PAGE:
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02-03-2010, 10:36 AM   #1
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can you tell

If I only print photos from my k-x up to A3 size using more or less the full frame is it possible to tell whether the lens is a 'kit' lens or something better?

02-03-2010, 12:16 PM   #2
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For shots at f/8 in good light, the difference wouldn't be noticeable unless you really looked closely - more closely than one would normally examine a print that large.

The limitations of the kit lens really aren't so much about "good" the lens is when taking exactly the same shot as with another lens - the difference is in thr shots that the kit lens can't take at all (not wide enough, not long enough, can't focus close enough, etc), or can only take by requiring a slower shutter speed or higher ISO than you would like (due to its "slow" maximum aperture).
02-03-2010, 12:47 PM   #3
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For some photos, no one could tell unless they had another print to compare to, done with a better lens. Let's say you have a photo taken at 28mm, f8, ISO 200, and exposed well enough so you didn't have to alter it in processing. The kit lens is good enough in that range to fool anyone. (The biggest giveaway would be out of focus highlights in the shape of hexagons - some better lenses might have different shapes.)

At the extremes of the kit lens, it may show other anomalies that a really sharp observer might pick out. At 18mm and f3.5, you'll see darker corners and some distortion. At 55mm and f5.6, the sharpness is not going to be great, especially in the corners.

The really sharp observer would be helped in advance if he knew what your aperture and focal length settings were, or if your photo happens to have a resolution chart in the frame. I find that the only person who looks that closely at my prints is my wife, to see if she looks "fat".
02-03-2010, 02:11 PM   #4
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Iím a beginner, but my favorite shots recently have been head and shoulders portraits of my kids with my DA70 wide open at 2.4 to completely blur the background. Itís those sort of shots that canít be done well with a kit lens. Iíve taken enough photos now that I can immediately spot whether a photo has been taken with my Sigma 17-70 or my DA70, the DA70 is completely in another league. As a previous poster said, itís not so much about what size you blow it up to, itís what situation and type of photo you take, and f8+ in good light is about the only time you will struggle to spot a difference.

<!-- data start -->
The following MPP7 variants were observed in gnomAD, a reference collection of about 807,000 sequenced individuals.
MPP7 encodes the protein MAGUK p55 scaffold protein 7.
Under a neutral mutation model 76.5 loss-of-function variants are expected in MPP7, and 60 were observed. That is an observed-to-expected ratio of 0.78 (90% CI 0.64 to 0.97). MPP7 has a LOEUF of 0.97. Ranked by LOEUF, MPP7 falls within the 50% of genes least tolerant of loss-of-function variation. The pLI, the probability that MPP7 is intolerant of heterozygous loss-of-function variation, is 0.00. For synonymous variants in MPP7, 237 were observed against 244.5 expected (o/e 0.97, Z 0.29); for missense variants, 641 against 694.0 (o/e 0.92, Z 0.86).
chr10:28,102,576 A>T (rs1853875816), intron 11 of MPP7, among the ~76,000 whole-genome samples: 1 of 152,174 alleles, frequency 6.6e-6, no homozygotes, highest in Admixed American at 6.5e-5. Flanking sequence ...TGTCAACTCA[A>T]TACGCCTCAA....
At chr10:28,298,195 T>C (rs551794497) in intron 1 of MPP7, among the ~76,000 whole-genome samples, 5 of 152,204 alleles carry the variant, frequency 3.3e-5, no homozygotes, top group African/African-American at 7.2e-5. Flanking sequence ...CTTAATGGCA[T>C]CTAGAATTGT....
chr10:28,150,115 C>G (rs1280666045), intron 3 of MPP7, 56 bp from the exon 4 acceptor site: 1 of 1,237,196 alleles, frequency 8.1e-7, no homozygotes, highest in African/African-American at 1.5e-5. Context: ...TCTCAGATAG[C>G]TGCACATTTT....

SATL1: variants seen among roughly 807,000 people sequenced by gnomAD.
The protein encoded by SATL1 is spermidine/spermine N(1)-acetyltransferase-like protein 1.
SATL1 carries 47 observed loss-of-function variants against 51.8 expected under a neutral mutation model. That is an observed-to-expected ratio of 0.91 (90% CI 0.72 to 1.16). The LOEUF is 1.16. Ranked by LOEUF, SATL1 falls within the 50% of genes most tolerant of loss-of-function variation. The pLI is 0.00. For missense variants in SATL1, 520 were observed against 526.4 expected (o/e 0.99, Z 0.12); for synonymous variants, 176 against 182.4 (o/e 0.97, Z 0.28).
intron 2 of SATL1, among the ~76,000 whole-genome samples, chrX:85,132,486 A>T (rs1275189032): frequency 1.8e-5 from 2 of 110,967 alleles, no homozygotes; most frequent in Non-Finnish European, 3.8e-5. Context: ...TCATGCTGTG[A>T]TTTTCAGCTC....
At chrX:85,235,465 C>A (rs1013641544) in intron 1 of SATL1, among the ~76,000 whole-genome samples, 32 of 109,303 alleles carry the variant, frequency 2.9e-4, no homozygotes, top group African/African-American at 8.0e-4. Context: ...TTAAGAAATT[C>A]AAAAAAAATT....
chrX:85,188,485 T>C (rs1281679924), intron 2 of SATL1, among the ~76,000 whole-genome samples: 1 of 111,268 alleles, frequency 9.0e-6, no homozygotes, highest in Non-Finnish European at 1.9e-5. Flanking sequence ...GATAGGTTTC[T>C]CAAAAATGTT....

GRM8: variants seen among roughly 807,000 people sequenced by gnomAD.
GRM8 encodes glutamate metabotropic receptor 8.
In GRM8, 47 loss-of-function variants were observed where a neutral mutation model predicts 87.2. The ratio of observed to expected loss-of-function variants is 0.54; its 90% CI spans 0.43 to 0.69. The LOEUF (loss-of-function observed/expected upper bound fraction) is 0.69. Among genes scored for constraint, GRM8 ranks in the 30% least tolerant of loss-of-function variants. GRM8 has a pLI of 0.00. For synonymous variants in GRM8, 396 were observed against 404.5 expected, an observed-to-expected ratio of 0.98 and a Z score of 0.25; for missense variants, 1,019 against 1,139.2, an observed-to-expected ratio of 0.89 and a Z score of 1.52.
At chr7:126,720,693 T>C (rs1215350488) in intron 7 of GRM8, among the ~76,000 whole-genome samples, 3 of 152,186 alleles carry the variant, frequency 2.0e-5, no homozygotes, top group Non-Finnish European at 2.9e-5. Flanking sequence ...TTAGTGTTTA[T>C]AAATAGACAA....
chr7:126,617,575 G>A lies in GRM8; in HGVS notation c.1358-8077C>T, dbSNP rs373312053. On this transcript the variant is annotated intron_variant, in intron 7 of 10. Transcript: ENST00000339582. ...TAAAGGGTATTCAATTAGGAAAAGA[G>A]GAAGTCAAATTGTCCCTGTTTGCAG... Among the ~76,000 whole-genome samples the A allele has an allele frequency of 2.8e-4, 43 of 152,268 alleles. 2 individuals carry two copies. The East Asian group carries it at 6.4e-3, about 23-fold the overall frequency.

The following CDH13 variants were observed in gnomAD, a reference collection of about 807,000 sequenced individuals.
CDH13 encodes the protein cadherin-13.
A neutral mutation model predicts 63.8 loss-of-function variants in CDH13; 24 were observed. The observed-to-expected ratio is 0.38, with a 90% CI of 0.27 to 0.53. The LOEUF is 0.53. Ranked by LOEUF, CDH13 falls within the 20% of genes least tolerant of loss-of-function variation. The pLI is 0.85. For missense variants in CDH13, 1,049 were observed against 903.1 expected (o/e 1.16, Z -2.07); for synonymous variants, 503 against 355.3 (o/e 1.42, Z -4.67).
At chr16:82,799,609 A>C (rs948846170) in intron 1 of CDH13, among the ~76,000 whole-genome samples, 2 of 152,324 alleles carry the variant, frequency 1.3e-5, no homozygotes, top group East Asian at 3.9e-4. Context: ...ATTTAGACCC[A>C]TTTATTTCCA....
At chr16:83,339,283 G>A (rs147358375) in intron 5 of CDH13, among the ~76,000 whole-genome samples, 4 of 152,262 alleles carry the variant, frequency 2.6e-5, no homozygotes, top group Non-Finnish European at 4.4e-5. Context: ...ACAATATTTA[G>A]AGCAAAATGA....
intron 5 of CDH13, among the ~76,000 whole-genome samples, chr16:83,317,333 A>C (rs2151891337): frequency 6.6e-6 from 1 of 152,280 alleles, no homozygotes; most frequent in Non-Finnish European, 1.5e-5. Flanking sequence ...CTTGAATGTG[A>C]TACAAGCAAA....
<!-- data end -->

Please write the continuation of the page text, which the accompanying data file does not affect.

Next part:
02-03-2010, 03:42 PM   #5
Damn Brit
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If you are using the zoom and you can get your subject further away from the background, you can still blur it with the zoom wide open even though it's a smaller aperture. Obviously it's more restrictive but it can still be done.
02-03-2010, 06:39 PM   #6
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QuoteOriginally posted by mohb Quote
If I only print photos from my k-x up to A3 size using more or less the full frame is it possible to tell whether the lens is a 'kit' lens or something better?
The question shouldn't be "can you tell", but rather "does it matter". For some cases, the answer is "not really", but in others, it may be important.
02-03-2010, 11:23 PM   #7
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The kit lens should be fine

You've probably heard the phrase, it's not the camera but the photographer that makes the difference. If you're asking now, you're probably not yet ready to take advantage of the better resolution and focusing capabilities of more expensive lenses. My first camera, a Roliflex double lens reflex. had one focal length. I took thousands of image with it, including lots for my college newspaper. Do the same with your kit lens. Use it until you know it won't do what you want it to do. Then get another lens and learn it. And so on...

Sometimes a more expensive lens is actually worse. A lens reaches greatest sharpness around 3 stops above its maximum aperture. For a super fast lens that is often around f 5.6. A kit lens that only opens up that wide will achieve maximum sharpness around f-11, which will give you more depth of field. So there can even be an advantage in some situations in using the kit lens. I'm not saying that a more expensive lens isn't worth the cost, just that without understanding the capabilities of each lens, you can waste a lot of cash collecting lenses without improving your photography.

michael mckee
My Port Townsend Ė A City in Photographs Ė 365
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